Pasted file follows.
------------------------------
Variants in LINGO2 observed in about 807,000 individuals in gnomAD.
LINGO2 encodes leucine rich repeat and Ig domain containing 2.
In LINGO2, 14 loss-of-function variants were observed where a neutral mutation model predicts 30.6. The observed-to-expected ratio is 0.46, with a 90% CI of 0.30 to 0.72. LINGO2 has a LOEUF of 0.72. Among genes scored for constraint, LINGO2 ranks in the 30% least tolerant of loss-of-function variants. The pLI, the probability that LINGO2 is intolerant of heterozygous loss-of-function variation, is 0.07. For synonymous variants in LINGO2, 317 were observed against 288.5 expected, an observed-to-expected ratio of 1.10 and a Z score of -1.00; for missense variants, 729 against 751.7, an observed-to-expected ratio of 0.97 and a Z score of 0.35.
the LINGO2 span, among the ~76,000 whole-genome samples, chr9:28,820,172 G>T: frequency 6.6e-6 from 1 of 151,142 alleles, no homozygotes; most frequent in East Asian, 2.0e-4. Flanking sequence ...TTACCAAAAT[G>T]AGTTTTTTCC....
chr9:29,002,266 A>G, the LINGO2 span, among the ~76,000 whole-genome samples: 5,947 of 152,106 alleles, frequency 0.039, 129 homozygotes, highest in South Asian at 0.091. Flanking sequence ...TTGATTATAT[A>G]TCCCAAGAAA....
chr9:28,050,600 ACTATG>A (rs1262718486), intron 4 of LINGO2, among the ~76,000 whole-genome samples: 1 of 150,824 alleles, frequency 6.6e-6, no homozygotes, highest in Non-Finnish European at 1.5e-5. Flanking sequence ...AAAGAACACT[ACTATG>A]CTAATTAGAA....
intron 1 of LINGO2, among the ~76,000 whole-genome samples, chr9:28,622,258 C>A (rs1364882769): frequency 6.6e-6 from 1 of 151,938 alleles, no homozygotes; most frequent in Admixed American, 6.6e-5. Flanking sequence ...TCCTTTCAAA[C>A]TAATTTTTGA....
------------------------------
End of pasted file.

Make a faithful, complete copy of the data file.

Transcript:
Variants in LINGO2 observed in about 807,000 individuals in gnomAD.
LINGO2 encodes leucine rich repeat and Ig domain containing 2.
In LINGO2, 14 loss-of-function variants were observed where a neutral mutation model predicts 30.6. The observed-to-expected ratio is 0.46, with a 90% CI of 0.30 to 0.72. LINGO2 has a LOEUF of 0.72. Among genes scored for constraint, LINGO2 ranks in the 30% least tolerant of loss-of-function variants. The pLI, the probability that LINGO2 is intolerant of heterozygous loss-of-function variation, is 0.07. For synonymous variants in LINGO2, 317 were observed against 288.5 expected, an observed-to-expected ratio of 1.10 and a Z score of -1.00; for missense variants, 729 against 751.7, an observed-to-expected ratio of 0.97 and a Z score of 0.35.
the LINGO2 span, among the ~76,000 whole-genome samples, chr9:28,820,172 G>T: frequency 6.6e-6 from 1 of 151,142 alleles, no homozygotes; most frequent in East Asian, 2.0e-4. Flanking sequence ...TTACCAAAAT[G>T]AGTTTTTTCC....
chr9:29,002,266 A>G, the LINGO2 span, among the ~76,000 whole-genome samples: 5,947 of 152,106 alleles, frequency 0.039, 129 homozygotes, highest in South Asian at 0.091. Flanking sequence ...TTGATTATAT[A>G]TCCCAAGAAA....
chr9:28,050,600 ACTATG>A (rs1262718486), intron 4 of LINGO2, among the ~76,000 whole-genome samples: 1 of 150,824 alleles, frequency 6.6e-6, no homozygotes, highest in Non-Finnish European at 1.5e-5. Flanking sequence ...AAAGAACACT[ACTATG>A]CTAATTAGAA....
intron 1 of LINGO2, among the ~76,000 whole-genome samples, chr9:28,622,258 C>A (rs1364882769): frequency 6.6e-6 from 1 of 151,938 alleles, no homozygotes; most frequent in Admixed American, 6.6e-5. Flanking sequence ...TCCTTTCAAA[C>A]TAATTTTTGA....